The death of my wife, the British MP Jo Cox, last summer, shocked not only the UK but the wider world. In the days that followed I was humbled to see a response on a global level, including here in Kenya, with a remembrance ceremony held in Nairobi and a tree planted in Karura forest in her memory.
Jo’s death touched millions of people. Partly because of who she was: a young mum who had spent her life trying to do good in the world, driven by an overriding sense of empathy and compassion. But it was also because she represented something that is at risk.
In the last few years, right around the world, we have seen a rise in fear and hatred being used as a political tool. Parties and individuals who have no compelling ideas for the future instead used hatred and prejudice to gain public support.
In Europe, we have seen an increase in hate crime, and support for the far right, with emergence of populist parties that are determined to capitalise on fears and concerns for their own gain.
It was the emergence of this threat at home, to the rights and values Jo and I considered sacrosanct, that led her to enter domestic politics.
This isn’t just a European, or even a Western, phenomena. Over the past few days, I have spoken with political leaders, members of the public and old friends here in Kenya, and I have heard the same concerns, that as elections approach fear and hatred will increasingly be used as political tools.
Many easily recall memories of widespread political violence in 2007, a result of communities dividing and turning against each other during elections.
But while the threat of violence may seem to be increasing around the world, we do not need to be defeatist. Because those promoting hate do not represent most people.
They are a vocal and angry minority who have tried to portray themselves as the silent majority — when they are neither silent nor the majority. And I know that the hope of the Kenyans I have met, that this summer’s elections are free, fair, credible and peaceful, can be achieved.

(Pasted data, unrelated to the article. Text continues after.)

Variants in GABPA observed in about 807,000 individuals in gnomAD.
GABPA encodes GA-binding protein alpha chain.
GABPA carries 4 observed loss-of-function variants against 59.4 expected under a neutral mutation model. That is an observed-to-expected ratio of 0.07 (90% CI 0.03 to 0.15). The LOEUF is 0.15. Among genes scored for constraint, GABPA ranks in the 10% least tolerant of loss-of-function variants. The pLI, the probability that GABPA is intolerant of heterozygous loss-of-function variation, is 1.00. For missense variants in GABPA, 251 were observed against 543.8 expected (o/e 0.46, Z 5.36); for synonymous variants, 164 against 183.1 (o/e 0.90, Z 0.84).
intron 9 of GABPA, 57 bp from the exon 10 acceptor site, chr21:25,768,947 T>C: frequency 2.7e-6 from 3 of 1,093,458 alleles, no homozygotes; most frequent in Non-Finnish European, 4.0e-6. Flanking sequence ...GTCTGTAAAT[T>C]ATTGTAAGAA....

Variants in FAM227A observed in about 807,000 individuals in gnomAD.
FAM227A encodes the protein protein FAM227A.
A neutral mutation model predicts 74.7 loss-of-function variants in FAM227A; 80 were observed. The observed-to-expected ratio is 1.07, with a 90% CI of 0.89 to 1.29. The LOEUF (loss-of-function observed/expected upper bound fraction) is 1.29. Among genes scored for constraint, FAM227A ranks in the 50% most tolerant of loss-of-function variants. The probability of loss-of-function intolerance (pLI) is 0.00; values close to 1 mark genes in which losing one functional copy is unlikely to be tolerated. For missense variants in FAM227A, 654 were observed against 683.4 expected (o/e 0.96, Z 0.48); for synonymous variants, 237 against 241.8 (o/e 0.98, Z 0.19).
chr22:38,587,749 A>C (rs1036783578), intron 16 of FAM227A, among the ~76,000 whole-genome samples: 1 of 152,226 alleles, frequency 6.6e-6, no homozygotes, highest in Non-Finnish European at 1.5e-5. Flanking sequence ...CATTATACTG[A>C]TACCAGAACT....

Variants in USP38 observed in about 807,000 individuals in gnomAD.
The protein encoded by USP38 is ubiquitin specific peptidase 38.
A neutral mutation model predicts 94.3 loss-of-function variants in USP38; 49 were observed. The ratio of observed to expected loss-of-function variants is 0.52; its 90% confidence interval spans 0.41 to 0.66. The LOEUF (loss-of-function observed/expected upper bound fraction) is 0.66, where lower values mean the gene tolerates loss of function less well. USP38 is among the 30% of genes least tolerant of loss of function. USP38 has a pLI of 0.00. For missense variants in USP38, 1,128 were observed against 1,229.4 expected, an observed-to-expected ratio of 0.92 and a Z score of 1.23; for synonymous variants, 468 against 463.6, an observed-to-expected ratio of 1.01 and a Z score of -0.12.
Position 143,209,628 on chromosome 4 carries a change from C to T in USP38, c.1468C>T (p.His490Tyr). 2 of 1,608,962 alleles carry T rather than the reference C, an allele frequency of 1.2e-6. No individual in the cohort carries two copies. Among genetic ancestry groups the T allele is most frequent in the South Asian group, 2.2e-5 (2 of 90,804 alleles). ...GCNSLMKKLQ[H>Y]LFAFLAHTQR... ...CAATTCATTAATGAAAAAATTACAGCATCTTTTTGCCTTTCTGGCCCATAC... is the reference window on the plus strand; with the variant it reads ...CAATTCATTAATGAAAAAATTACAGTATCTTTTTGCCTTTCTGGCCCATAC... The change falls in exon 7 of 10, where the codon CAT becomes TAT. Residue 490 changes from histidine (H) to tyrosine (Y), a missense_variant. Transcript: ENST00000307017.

I believe there are simple steps we can all take as citizens to promote a world in which active, free, political participation can take place in an environment free from hatred, fear and violence.
Firstly, we need to prioritise coming together, as communities, to defend our rights. And we need to learn the lessons of history, and recognise that an attack on one is an attack on us all. By coming together, we can ensure that the hateful voices of the few do not out-shout the voice of the many.
Secondly, we need to do more to reach out to those who are anxious or with whom we might disagree. Too often we refuse to engage with people who don’t share our viewpoints, preferring to see them as deplorable or stupid — this is a huge mistake. We need to listen to anxious and marginalised groups.
And, thirdly, we need to talk more about what we have in common — not to fixate on what divides us.
In the aftermath of Jo’s death, the phrase ‘More in Common’ — taken from her maiden speech in the UK Parliament — has been popularised. At its core is a simple insight — that we spend too much time talking about what divides us and not enough about what brings us together.
I believe that, if we do more to come together as communities, reach out to those with whom we might disagree and celebrate what we have in common, we will promote the world Jo believed in, a world that is more tolerant, understanding and hopeful, and this is what I continue to advocate in her memory.
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